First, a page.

What can be definitely proved, is that slumps have happened fairly regularly in the history of industrial capitalism from the 1820s onward, some being more severe than others. In the real economic history of capitalism, there is therefore no evidence of a spontaneous tendency toward economic equilibrium: capitalism develops spasmodically, through booms and slumps. Every crisis is supposed to be the last one, until a new crisis occurs. That was, for Marx, a good reason for doing away with the capitalist system, and bringing production under planned, collective control by the freely associated producers. Why should the whole of society have to suffer only because already wealthy capitalists could not extract enough profit? The modern reply to this argument is that if there is insufficient profit, the value of savings, benefits and pensions cannot be sustained; the whole financial system begins to break down. Yet individuals have almost no control over what is done with the money or how much is paid out, even if they have some choice in how to invest their savings. Their savings can be quickly wiped out, and even the house they own can suddenly lose much of its value. The question then is, whether people should have to live with risks which they never created, or whether society should ensure that preventable risks are eliminated or reduced.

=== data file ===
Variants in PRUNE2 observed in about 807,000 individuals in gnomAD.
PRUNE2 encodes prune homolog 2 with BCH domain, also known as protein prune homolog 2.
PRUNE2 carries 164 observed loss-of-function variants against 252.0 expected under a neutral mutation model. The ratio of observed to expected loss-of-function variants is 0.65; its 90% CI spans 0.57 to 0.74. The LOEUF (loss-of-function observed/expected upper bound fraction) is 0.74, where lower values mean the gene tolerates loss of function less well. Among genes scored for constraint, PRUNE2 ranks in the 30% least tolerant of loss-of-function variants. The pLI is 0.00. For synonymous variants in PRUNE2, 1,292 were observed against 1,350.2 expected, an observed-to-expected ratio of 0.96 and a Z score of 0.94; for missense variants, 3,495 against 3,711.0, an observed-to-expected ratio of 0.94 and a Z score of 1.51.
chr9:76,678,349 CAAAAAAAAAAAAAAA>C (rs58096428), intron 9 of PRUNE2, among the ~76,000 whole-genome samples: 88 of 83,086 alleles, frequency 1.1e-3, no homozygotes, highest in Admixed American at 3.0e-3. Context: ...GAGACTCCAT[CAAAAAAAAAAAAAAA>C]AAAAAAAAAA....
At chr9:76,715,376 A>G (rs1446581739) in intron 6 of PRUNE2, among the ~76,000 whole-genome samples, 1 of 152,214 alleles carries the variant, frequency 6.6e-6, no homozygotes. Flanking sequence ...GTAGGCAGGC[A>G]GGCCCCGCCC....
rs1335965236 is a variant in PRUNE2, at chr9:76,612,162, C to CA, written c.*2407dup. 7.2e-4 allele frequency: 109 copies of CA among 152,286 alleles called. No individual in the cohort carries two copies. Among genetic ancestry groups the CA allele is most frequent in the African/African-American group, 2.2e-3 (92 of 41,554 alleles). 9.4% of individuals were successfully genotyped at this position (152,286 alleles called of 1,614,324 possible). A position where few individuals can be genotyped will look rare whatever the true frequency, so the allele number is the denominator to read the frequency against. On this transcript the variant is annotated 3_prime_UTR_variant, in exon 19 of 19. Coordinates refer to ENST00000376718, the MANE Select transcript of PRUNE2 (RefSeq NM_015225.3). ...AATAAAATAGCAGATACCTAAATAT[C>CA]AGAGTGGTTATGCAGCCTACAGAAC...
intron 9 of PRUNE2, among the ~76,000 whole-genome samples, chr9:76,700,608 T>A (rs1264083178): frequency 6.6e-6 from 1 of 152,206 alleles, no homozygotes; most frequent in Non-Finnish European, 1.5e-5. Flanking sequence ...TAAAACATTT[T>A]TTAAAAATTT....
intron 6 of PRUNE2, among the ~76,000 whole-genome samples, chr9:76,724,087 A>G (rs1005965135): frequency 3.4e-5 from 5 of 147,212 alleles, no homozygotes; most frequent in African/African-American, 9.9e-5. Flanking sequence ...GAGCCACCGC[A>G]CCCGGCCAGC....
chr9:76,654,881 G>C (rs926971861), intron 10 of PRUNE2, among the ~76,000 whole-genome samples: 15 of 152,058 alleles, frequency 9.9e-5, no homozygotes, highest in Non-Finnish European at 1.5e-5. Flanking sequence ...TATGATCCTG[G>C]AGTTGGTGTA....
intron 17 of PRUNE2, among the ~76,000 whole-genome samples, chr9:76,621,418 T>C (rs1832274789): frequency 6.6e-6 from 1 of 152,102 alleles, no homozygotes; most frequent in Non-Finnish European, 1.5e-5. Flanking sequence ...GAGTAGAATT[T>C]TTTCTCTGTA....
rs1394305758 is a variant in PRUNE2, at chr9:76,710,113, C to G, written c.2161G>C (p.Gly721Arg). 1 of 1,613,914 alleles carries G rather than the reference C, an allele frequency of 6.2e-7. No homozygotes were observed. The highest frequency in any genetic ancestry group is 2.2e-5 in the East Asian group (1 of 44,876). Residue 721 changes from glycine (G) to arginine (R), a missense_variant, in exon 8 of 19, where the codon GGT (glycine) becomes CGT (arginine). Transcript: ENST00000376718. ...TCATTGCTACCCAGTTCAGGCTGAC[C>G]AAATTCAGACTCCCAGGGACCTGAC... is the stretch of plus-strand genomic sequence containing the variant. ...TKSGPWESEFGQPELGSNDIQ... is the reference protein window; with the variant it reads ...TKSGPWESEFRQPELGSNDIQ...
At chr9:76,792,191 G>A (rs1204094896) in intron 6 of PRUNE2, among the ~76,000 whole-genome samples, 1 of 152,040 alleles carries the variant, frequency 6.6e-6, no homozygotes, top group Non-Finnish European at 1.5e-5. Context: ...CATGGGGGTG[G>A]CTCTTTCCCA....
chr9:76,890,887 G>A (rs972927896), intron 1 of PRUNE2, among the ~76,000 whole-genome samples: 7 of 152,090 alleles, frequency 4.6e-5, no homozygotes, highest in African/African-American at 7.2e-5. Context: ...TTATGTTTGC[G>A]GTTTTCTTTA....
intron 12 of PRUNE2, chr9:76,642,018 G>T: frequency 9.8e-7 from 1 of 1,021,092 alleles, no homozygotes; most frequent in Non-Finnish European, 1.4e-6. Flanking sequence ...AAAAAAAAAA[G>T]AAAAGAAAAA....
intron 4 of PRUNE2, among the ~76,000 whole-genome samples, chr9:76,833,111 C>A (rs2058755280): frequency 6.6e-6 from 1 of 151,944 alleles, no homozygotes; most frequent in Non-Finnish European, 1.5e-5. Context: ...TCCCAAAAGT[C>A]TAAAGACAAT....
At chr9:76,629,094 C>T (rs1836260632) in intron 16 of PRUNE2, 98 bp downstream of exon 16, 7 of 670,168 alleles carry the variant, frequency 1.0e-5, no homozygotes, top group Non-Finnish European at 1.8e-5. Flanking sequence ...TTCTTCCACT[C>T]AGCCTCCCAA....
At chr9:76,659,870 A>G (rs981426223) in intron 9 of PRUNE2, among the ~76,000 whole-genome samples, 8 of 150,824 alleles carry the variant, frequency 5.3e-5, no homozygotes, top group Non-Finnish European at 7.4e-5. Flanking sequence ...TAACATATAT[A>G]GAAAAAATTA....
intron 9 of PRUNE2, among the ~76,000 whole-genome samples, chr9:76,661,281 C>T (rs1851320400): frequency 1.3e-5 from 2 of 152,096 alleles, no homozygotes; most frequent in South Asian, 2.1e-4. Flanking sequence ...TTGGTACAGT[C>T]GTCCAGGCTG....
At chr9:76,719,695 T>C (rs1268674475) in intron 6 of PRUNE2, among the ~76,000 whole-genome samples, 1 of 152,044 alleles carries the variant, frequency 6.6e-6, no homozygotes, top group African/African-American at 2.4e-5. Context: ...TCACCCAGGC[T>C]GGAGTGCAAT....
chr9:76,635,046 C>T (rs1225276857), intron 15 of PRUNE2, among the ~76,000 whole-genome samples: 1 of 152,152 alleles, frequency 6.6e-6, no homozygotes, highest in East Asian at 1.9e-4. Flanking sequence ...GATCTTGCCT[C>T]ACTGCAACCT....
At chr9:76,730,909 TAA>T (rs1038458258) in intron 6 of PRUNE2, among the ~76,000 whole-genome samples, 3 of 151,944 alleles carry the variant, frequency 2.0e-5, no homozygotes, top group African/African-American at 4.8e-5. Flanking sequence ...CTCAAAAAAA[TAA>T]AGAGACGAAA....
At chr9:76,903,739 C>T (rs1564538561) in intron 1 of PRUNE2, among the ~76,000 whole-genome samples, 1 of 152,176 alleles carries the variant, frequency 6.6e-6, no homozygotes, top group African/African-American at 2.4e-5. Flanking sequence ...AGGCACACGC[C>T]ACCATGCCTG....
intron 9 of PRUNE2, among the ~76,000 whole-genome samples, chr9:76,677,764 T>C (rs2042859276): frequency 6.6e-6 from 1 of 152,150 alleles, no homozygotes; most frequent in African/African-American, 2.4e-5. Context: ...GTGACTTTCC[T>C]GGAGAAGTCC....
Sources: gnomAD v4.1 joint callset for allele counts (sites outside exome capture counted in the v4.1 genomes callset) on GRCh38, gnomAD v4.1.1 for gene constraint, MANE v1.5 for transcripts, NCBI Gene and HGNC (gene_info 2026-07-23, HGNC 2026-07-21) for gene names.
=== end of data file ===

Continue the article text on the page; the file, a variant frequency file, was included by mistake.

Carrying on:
Yan Wang and Yudong Yao argue, in a 2001 paper for the World Bank, that capitalist crises are "just a fact of life" that one has to learn to cope with. But if many people's lives are ruined by the crisis, or if they risk death, people don't think about it in the same way anymore; normally people want sufficient order, security and predictability in their lives, so that they can indeed "make a life", beyond merely surviving, or living in fear of dying. In rich countries nowadays, few people die because of economic crises, but David Graeber argues that the 40% health-budget cuts in Greece in 2012 mean that patients unable to afford life-saving medication and treatment will die. Historically speaking, a serious capitalist crisis, shifting the balance of power, is typically followed by one or more wars - the intensified international business competition in due course spills over into military competition. However, historians do not necessarily agree on the exact chronology of events, the causal sequence, or whether there is a provable recurrent pattern of crises and wars. In reality, there was hardly a year during the 20th century when there was no war going on somewhere in the world, but - this is the point - sometimes the conflicts escalated and broadened, and sometimes they did not. Economic crises can cause wars, but wars can also cause economic crises.

Read more about this topic:  Law Of Value, Law of Value in Capitalism